Airbnb ban: New Orleans council have put their foot down on short-term rentals
The measure to limit the proliferation of short-term rentals in New Orleans was put forward by council member Kristin Palmer and will affect those who rent out property to tourists for up to 90 days a year.
For nine months the licenses for such rentals will be prohibited – as will the option to renew existing annual licenses – while the effects of short-term rentals are analysed.
“This legislation is a first step towards revising and improving the short-term rental regulations to restore and preserve the residential fabric in historic areas of the city,” said Palmer.
The measure – which was unanimously backed – does not apply to commercially zoned areas.
This legislation is a first step towards restoring and preserving the residential fabric in historic areas of the city
“This is about achieving balance,” said council member Giarrusso. “We must preserve economics but first and foremost we must preserve our neighbourhoods.”
The effect of short-term rentals on housing prices is particularly of concern.
“There is a difference between locals sharing their properties and corporations buying up houses and apartment units and turning them into hotels,” said council president Jason Williams.
“These national and sometimes international corporations are artificially driving up the cost to buy a home or rent a home in our city.”
Samuel Taggart supports the measure.
Airbnb ban: Short-tem rentals force up the cost of housing in the city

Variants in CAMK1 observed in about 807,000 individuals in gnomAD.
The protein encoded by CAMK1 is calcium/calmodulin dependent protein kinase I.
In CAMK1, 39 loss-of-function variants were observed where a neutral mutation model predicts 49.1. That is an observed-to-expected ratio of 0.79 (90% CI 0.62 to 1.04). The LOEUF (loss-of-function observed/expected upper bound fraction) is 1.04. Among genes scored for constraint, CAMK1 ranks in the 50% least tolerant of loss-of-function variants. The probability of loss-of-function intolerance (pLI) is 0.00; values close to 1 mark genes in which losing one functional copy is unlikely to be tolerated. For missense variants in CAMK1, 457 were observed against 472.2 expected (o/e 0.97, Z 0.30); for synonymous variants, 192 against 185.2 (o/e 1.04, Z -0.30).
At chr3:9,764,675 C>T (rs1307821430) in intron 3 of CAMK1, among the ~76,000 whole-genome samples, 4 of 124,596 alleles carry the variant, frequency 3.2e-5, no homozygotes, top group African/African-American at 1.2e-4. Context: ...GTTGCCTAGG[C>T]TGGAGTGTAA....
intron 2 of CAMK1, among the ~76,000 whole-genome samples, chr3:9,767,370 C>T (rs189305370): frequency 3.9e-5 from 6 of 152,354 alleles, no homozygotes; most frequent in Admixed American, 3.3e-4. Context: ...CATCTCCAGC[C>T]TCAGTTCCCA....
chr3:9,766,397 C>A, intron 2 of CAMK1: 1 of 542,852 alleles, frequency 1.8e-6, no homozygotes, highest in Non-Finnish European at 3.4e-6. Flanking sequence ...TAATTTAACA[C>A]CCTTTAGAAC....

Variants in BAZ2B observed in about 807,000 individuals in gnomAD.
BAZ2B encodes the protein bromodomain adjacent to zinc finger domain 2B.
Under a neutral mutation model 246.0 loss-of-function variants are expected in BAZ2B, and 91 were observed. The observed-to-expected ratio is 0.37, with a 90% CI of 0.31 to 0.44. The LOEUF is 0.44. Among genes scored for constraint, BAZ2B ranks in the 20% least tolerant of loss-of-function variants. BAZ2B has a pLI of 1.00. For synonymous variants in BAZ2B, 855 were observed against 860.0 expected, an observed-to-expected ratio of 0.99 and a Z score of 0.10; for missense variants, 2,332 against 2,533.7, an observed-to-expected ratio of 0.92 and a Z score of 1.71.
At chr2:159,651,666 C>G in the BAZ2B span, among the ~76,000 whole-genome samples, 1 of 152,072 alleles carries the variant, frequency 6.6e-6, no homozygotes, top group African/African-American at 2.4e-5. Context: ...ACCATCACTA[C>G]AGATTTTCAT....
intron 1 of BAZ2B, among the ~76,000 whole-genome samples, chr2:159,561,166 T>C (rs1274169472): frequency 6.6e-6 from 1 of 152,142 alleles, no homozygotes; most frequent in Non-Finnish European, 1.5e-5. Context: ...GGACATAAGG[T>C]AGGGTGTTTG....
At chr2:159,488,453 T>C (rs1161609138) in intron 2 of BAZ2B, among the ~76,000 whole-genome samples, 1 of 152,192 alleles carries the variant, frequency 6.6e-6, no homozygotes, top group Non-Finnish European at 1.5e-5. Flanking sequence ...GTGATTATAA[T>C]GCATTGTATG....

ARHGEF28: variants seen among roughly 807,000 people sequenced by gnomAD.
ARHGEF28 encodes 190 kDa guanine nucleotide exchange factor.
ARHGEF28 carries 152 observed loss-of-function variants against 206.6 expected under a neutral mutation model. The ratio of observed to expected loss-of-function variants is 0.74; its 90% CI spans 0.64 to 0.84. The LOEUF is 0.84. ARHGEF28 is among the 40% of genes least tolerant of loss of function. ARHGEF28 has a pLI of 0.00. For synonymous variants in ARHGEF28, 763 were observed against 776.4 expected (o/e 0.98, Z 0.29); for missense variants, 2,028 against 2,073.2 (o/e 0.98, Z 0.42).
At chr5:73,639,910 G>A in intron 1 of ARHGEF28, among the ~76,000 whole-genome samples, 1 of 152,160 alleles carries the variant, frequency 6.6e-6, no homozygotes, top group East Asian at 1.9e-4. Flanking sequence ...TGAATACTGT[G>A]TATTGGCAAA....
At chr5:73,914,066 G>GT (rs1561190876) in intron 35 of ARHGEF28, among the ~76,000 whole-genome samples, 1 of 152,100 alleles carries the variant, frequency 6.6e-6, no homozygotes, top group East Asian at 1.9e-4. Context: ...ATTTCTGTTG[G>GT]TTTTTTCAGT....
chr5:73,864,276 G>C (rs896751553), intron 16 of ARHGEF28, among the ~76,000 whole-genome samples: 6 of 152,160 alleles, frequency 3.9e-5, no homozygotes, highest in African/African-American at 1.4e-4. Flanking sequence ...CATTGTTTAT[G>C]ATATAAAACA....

He told US News that of 18 buildings on his block in the Treme neighbourhood of the ‘Big Easy,’ 12 are short-term rentals with a total of 28 units.
He said two of the units are “nothing but fraternity parties on the weekend. They bring in kegs of beer and crawfish.
“If they do go out to the French Quarter, they come in at 2:30 in the morning and party to four or five in the morning.”
Airbnb are unhappy with the decision.
“It is disappointing the city council chose to punish many law-abiding New Orleans residents who depend on home sharing to support their families,” Laura Spanjian, Airbnb Public Policy Director for Louisiana, told Express.co.uk.
Airbnb ban: Holidaymakers can cause a lot of disturbance for residents in New Orleans
“We have worked closely with the city for more than two years to develop and implement fair rules, which provide the city data and tools to enforce the law and millions in tax revenue.
“The vote flies in the face of the collaborative spirit with which we’ve approached our work with the city.”
Airbnb say that the vast majority of their hosts are sharing the homes they live in and many do so in order to make ends meet.
In fact, 70 per cent of New Orleans hosts say hosting has helped them afford to stay in their homes.
They add that the Airbnb short-term rental community has contributed over $6 million (£4.5 million) in hotel taxes and fees for the new Neighbourhood Housing Improvement Fund for affordable housing.